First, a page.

1. Tax Policy Considerations: Principles of tax policy, including equity, simplicity, neutrality and efficiency, minimum tax gap and transparency should be considered in the design of the tax expenditure.
Example: Measures would be needed to be sure the student is actually preparing to become a STEM teacher. Issues would need to be addressed as to whether the credit should be refundable and whether a student claimed as a dependent should be eligible.
  1. Budget Considerations: What is the estimated direct and indirect costs of the special tax rule? How long should the tax rule be in effect? How will the cost be controlled (such as setting an aggregate limit for a tax credit)?  Will the method of paying for the special rule hinder the ability of the special rule to meet its purpose or cause a greater detriment to the jurisdiction than would occur in absence of the special rule? Could greater benefits be derived for the jurisdiction through other uses of the funds (even if for a different purpose)?
Example: Legislators need an answer to the question – Why is this credit a good use of state resources? Data would need to be analyzed to determine how much the credit should be to serve as an incentive and an aggregate cap determined and implemented. Consideration should also be given to how the credit affects existing grant programs for higher education to be sure there is no duplication.  In addition, consideration is needed as to whether more resources will need to be directed to STEM instruction to ensure that the expected increase in number of STEM students can be served. Alternative uses of the funds should be evaluated to construct the best program to help the state meet its goal of increasing the number of STEM teachers.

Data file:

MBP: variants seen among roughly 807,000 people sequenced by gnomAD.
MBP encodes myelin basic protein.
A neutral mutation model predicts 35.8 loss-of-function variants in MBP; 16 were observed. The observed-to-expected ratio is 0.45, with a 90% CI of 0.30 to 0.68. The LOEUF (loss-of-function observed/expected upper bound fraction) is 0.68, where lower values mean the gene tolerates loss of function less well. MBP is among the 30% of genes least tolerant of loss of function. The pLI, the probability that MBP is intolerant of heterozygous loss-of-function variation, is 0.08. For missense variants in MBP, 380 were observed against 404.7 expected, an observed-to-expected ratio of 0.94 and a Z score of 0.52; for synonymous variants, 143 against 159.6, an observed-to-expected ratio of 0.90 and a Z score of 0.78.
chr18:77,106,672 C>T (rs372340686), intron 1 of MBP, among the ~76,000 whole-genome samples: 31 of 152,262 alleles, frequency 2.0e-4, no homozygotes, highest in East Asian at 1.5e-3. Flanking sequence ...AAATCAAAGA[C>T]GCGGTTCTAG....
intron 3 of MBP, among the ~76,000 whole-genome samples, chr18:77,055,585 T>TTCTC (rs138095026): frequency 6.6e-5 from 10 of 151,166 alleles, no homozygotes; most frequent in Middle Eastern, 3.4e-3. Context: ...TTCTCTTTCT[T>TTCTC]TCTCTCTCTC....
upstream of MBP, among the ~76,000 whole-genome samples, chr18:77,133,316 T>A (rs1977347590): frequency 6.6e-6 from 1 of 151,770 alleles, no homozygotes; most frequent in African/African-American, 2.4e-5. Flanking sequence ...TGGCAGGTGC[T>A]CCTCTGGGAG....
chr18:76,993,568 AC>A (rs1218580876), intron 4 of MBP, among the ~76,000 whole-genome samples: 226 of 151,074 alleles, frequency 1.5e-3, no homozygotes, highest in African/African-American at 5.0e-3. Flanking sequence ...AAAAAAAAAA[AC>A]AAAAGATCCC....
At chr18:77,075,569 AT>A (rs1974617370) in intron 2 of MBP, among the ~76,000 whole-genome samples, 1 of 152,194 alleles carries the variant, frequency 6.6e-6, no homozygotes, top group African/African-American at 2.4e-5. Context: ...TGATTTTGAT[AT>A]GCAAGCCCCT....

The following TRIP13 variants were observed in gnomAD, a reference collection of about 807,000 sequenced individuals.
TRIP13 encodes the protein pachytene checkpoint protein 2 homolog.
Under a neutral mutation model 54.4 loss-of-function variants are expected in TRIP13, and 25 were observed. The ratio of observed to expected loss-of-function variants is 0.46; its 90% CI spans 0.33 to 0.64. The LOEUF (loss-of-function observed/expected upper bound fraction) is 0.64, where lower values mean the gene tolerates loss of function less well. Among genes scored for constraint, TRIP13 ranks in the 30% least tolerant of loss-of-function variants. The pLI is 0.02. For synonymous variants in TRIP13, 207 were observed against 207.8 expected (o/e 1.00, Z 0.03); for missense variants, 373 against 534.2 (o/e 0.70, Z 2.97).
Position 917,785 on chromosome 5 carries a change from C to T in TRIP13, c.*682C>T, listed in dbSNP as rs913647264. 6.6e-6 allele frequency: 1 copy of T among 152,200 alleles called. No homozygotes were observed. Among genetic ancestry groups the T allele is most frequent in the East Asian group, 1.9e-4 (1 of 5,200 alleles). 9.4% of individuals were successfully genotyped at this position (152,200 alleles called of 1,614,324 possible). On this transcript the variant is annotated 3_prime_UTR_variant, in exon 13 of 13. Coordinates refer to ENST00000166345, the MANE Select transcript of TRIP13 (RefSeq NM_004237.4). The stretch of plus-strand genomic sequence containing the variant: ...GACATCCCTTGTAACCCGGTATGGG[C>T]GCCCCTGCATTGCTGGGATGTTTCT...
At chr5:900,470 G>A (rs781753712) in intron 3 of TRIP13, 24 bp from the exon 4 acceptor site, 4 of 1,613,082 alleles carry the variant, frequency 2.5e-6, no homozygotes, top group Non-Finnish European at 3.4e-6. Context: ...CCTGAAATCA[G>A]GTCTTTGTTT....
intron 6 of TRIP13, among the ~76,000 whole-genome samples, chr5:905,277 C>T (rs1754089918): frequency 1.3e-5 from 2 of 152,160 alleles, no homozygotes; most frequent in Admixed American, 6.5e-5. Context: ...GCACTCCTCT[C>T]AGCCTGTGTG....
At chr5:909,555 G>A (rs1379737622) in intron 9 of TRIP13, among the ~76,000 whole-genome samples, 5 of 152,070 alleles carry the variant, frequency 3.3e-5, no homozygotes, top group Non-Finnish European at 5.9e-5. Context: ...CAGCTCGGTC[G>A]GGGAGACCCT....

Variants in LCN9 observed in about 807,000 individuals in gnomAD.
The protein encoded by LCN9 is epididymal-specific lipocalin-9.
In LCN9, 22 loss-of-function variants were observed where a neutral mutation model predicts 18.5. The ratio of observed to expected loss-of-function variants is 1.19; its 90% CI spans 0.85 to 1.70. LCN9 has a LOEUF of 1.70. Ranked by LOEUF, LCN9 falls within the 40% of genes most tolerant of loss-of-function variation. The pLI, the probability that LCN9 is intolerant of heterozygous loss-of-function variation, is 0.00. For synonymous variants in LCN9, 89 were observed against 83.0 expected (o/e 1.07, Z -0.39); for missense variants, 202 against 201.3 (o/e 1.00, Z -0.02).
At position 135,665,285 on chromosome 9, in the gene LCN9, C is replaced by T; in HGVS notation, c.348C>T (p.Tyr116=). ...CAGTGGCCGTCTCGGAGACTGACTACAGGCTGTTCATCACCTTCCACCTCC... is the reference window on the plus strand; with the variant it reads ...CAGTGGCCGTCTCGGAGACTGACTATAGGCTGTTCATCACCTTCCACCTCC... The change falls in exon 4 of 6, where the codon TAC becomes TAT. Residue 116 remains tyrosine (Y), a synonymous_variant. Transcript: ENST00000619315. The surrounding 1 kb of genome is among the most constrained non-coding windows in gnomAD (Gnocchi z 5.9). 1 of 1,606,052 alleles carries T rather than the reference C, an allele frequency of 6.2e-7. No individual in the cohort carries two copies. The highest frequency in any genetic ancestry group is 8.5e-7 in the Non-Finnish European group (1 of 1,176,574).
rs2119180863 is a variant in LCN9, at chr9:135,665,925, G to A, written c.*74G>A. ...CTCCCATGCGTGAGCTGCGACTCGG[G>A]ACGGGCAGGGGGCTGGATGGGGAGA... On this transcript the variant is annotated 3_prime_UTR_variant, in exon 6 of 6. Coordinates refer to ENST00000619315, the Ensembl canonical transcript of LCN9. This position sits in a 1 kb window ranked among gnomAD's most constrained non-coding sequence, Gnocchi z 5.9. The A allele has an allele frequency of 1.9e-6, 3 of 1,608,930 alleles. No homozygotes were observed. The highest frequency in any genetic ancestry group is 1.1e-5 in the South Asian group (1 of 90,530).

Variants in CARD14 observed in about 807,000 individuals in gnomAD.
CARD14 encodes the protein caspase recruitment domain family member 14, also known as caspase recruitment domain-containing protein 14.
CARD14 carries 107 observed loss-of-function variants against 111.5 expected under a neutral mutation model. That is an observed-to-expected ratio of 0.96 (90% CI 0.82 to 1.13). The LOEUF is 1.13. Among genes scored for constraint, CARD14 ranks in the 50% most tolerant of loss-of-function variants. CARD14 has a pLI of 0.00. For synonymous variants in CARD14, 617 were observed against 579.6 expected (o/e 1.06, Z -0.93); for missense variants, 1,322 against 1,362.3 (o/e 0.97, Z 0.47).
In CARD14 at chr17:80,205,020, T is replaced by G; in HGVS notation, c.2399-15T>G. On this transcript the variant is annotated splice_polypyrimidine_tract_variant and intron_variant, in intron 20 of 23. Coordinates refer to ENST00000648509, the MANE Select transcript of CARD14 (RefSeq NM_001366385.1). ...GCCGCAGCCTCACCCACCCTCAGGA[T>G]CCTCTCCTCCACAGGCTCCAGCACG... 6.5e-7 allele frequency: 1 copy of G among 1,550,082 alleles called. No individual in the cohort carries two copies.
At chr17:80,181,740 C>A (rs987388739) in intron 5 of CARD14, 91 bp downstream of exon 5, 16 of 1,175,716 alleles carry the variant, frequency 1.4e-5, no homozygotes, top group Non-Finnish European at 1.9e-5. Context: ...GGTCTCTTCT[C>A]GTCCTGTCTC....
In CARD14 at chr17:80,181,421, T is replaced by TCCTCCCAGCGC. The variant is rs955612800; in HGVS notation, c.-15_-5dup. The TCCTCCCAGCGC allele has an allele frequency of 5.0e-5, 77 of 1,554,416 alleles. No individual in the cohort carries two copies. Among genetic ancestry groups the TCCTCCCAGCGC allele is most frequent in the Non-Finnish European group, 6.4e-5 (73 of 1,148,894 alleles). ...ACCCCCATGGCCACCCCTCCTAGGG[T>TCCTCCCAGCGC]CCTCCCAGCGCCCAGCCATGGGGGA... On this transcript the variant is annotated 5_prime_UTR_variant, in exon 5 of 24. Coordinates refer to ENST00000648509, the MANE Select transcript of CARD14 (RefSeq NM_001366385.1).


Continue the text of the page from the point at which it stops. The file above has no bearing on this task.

1. Accountability Measures: What accountability measures should be included to ensure that the special tax rule is properly used? (See examples of commonly used accountability measures in the next section.)
Example: Consideration should be given to including a clawback measure should a student not become a STEM teacher. A sunset date should be added to ensure that the credit will be evaluated for effectiveness.
  1. Assessment: What data is needed to determine if the special tax rule achieves its purpose? How and when will the data be collected? Should the enacting legislation also specify data collection requirements? Who will monitor collection and who will analyze the data?
Example: The enacting legislation should specify the data that is needed for evaluation purposes and who will collect it and how. The enacting legislation should also specify a measurable and appropriate goal, such as a percentage increase in the number of STEM teachers who utilized the credit.

What do you think?  

No comments: